Dried-blood spots: a cost-effective field method for the detection of Chikungunya virus circulation in remote areas. - Archive ouverte HAL Access content directly
Journal Articles PLoS Neglected Tropical Diseases Year : 2013

Dried-blood spots: a cost-effective field method for the detection of Chikungunya virus circulation in remote areas.

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Abstract

BACKGROUND: In 2005, there were outbreaks of febrile polyarthritis due to Chikungunya virus (CHIKV) in the Comoros Islands. CHIKV then spread to other islands in the Indian Ocean: La Réunion, Mauritius, Seychelles and Madagascar. These outbreaks revealed the lack of surveillance and preparedness of Madagascar and other countries. Thus, it was decided in 2007 to establish a syndrome-based surveillance network to monitor dengue-like illness. OBJECTIVE: This study aims to evaluate the use of capillary blood samples blotted on filter papers for molecular diagnosis of CHIKV infection. Venous blood samples can be difficult to obtain and the shipment of serum in appropriate temperature conditions is too costly for most developing countries. METHODOLOGY AND PRINCIPAL FINDINGS: Venous blood and dried-blood blotted on filter paper (DBFP) were collected during the last CHIKV outbreak in Madagascar (2010) and as part of our routine surveillance of dengue-like illness. All samples were tested by real-time RT-PCR and results with serum and DBFP samples were compared for each patient. The sensitivity and specificity of tests performed with DBFP, relative to those with venous samples (defined as 100%) were 93.1% (95% CI:[84.7-97.7]) and 94.4% (95% CI:[88.3-97.7]), respectively. The Kappa coefficient 0.87 (95% CI:[0.80-0.94]) was excellent. CONCLUSION: This study shows that DBFP specimens can be used as a cost-effective alternative sampling method for the surveillance and monitoring of CHIKV circulation and emergence in developing countries, and probably also for other arboviruses. The loss of sensitivity is insignificant and involved a very small number of patients, all with low viral loads. Whether viruses can be isolated from dried blood spots remains to be determined.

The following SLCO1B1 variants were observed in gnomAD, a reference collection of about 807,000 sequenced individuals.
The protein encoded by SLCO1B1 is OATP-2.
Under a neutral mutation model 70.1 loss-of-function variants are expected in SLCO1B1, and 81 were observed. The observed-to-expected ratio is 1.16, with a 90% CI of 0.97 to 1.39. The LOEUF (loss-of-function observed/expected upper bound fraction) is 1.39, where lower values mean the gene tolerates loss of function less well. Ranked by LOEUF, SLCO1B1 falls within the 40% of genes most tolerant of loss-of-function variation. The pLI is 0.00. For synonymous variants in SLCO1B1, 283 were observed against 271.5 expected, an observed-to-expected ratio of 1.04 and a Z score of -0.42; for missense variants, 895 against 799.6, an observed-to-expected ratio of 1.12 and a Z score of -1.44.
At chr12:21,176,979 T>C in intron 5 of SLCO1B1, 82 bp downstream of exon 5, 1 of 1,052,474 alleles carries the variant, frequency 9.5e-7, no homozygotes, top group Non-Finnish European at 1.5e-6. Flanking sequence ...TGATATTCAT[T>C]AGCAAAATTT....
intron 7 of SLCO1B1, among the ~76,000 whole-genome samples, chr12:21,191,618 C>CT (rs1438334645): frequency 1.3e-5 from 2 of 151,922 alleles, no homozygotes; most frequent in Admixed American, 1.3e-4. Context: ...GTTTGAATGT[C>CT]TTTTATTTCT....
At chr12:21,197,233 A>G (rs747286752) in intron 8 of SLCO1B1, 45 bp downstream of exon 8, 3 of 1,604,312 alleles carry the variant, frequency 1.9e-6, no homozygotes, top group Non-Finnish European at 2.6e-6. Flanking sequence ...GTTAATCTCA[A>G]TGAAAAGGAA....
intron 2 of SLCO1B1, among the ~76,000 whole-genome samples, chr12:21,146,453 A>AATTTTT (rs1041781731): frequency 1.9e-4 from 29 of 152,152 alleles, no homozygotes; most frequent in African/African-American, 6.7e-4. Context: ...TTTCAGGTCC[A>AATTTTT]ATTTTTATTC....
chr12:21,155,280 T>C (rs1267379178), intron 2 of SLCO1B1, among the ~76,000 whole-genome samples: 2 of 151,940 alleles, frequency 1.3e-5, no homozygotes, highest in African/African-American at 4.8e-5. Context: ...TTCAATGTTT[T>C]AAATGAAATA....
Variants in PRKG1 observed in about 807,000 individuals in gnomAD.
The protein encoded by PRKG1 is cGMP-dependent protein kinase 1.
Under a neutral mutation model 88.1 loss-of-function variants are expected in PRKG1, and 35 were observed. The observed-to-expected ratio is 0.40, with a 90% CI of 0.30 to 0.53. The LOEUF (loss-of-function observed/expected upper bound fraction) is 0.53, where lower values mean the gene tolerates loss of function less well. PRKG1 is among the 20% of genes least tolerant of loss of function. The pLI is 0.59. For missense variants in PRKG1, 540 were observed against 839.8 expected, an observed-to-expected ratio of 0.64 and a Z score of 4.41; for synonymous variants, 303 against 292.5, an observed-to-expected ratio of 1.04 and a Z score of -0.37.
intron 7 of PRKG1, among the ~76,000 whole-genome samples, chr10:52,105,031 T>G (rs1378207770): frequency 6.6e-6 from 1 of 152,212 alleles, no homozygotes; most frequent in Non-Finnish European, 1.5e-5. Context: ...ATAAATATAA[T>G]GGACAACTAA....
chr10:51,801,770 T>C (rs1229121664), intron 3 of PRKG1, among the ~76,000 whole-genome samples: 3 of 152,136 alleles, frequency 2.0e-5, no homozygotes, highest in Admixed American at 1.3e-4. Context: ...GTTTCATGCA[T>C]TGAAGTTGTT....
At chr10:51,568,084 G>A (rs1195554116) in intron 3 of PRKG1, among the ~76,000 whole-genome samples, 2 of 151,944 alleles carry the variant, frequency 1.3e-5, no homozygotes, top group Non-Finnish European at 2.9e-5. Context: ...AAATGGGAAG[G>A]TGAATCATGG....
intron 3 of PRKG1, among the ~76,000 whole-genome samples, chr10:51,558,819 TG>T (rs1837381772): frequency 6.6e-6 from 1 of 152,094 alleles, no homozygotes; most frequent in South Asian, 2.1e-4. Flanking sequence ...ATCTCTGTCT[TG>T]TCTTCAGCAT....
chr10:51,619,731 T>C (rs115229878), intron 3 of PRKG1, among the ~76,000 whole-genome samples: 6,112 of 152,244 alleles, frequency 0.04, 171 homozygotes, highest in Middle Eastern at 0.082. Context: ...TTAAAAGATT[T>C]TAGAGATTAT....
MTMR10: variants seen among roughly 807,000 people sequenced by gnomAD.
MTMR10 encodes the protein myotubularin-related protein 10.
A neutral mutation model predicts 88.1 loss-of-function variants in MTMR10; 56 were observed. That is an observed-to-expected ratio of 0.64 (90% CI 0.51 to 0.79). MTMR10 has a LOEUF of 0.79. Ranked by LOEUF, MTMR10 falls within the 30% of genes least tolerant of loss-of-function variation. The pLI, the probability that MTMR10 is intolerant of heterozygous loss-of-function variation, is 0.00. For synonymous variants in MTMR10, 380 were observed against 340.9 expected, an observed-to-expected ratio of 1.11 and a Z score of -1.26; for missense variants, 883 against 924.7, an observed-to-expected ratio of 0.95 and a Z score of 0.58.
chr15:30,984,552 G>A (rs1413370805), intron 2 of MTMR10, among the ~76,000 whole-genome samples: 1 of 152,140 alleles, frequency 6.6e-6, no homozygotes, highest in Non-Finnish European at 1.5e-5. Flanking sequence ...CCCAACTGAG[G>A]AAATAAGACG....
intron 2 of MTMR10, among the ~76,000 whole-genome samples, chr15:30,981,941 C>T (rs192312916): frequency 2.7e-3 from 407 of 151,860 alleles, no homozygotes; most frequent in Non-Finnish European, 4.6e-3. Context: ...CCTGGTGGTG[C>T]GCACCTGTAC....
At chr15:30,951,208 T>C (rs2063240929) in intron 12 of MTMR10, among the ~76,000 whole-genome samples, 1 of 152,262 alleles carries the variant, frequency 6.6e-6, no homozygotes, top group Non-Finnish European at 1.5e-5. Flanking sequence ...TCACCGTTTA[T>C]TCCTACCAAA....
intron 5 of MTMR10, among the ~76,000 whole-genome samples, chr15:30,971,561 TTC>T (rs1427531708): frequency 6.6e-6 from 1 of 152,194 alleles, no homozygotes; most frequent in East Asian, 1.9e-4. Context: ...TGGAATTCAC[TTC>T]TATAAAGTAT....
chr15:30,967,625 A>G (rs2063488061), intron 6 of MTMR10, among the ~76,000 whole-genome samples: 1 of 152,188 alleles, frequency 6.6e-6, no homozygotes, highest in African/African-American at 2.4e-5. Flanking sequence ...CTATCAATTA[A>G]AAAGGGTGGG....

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pasteur-00946702 , version 1 (14-02-2014)

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Soa Fy Andriamandimby, Jean-Michel Heraud, Laurence Randrianasolo, Jean Théophile Rafisandratantsoa, Seta Andriamamonjy, et al.. Dried-blood spots: a cost-effective field method for the detection of Chikungunya virus circulation in remote areas.. PLoS Neglected Tropical Diseases, 2013, 7 (7), pp.e2339. ⟨10.1371/journal.pntd.0002339⟩. ⟨pasteur-00946702⟩
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